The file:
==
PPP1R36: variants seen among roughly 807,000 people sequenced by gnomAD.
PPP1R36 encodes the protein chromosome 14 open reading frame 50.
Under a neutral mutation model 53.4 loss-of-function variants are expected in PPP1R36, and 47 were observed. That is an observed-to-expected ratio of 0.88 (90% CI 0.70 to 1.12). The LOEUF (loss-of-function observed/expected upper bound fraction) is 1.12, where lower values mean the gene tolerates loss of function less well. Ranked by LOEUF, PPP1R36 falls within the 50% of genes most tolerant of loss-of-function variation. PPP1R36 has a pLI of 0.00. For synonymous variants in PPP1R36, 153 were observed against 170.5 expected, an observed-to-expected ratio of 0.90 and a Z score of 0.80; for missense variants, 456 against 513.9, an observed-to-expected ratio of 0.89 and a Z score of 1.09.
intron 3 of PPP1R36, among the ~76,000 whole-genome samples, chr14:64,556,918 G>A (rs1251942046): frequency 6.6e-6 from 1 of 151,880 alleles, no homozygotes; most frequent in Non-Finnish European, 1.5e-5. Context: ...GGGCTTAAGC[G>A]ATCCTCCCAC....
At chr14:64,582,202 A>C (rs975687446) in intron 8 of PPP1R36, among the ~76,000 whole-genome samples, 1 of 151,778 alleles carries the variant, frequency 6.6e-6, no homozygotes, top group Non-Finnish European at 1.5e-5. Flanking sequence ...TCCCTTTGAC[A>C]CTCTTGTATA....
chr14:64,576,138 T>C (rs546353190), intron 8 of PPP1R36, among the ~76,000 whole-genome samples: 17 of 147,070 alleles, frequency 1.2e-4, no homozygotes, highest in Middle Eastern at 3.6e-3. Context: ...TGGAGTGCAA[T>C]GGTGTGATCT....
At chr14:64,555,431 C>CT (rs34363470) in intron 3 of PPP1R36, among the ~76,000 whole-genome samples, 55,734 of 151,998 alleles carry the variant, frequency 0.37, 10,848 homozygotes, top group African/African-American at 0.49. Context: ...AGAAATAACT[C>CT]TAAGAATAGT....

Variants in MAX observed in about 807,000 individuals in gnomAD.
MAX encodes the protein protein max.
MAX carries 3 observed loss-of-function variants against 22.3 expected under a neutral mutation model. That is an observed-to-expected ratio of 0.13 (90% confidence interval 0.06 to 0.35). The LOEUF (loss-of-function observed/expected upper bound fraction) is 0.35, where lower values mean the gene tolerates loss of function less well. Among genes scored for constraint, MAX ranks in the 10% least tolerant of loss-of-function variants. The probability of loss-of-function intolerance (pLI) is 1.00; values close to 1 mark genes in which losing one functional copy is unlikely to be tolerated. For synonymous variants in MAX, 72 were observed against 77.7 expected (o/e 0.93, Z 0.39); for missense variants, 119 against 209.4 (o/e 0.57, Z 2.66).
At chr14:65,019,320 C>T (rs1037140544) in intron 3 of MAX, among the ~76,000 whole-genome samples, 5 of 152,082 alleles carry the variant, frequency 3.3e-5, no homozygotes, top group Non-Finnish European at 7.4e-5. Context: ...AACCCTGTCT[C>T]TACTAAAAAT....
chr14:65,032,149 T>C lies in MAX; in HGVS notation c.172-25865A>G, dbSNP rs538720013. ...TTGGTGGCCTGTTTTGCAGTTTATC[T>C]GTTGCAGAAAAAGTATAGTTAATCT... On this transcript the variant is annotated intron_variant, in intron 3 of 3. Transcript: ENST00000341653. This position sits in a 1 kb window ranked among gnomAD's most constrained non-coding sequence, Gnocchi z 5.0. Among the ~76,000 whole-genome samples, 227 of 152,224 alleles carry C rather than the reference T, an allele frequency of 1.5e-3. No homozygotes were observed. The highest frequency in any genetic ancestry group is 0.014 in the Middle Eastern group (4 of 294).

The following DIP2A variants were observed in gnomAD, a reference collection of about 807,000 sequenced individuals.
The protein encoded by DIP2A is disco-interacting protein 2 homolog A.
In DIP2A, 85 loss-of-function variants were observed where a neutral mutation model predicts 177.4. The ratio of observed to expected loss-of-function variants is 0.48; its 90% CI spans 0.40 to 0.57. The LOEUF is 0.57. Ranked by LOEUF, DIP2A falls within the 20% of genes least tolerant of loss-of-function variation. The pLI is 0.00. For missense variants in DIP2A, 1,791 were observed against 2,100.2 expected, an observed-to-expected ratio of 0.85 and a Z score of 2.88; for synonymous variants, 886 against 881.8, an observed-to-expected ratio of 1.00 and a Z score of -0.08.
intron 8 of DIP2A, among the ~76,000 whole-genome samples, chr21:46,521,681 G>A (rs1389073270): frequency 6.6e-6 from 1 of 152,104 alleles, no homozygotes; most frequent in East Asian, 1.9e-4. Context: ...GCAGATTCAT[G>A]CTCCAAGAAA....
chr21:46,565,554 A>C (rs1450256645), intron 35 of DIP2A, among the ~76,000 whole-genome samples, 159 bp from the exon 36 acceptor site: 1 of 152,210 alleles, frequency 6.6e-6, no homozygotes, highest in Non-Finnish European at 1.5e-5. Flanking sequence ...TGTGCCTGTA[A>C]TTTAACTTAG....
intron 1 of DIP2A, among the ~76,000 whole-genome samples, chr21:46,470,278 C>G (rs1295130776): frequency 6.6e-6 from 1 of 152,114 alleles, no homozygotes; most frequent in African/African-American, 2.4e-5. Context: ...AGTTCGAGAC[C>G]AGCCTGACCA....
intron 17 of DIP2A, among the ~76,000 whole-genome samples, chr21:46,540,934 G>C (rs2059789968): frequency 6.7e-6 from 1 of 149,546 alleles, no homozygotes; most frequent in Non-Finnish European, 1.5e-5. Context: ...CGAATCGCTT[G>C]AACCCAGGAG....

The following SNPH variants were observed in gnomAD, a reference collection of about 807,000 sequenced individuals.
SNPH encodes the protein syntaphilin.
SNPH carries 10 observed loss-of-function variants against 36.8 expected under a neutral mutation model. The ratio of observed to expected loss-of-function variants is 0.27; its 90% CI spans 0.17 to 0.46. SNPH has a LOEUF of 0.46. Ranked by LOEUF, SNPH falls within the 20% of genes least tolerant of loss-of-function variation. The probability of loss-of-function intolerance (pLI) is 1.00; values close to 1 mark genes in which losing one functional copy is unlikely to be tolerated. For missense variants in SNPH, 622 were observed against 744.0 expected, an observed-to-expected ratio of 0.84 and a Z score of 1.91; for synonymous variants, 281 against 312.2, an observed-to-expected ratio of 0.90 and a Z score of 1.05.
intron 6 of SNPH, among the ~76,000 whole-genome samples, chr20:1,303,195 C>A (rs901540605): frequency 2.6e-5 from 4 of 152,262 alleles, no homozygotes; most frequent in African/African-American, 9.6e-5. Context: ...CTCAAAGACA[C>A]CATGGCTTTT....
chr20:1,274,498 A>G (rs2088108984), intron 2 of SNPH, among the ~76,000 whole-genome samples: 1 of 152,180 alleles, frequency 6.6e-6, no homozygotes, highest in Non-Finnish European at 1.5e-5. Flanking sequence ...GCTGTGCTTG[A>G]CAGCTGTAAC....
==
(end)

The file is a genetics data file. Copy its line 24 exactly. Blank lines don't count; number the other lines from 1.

chr20:1,274,498 A>G (rs2088108984), intron 2 of SNPH, among the ~76,000 whole-genome samples: 1 of 152,180 alleles, frequency 6.6e-6, no homozygotes, highest in Non-Finnish European at 1.5e-5. Flanking sequence ...GCTGTGCTTG[A>G]CAGCTGTAAC....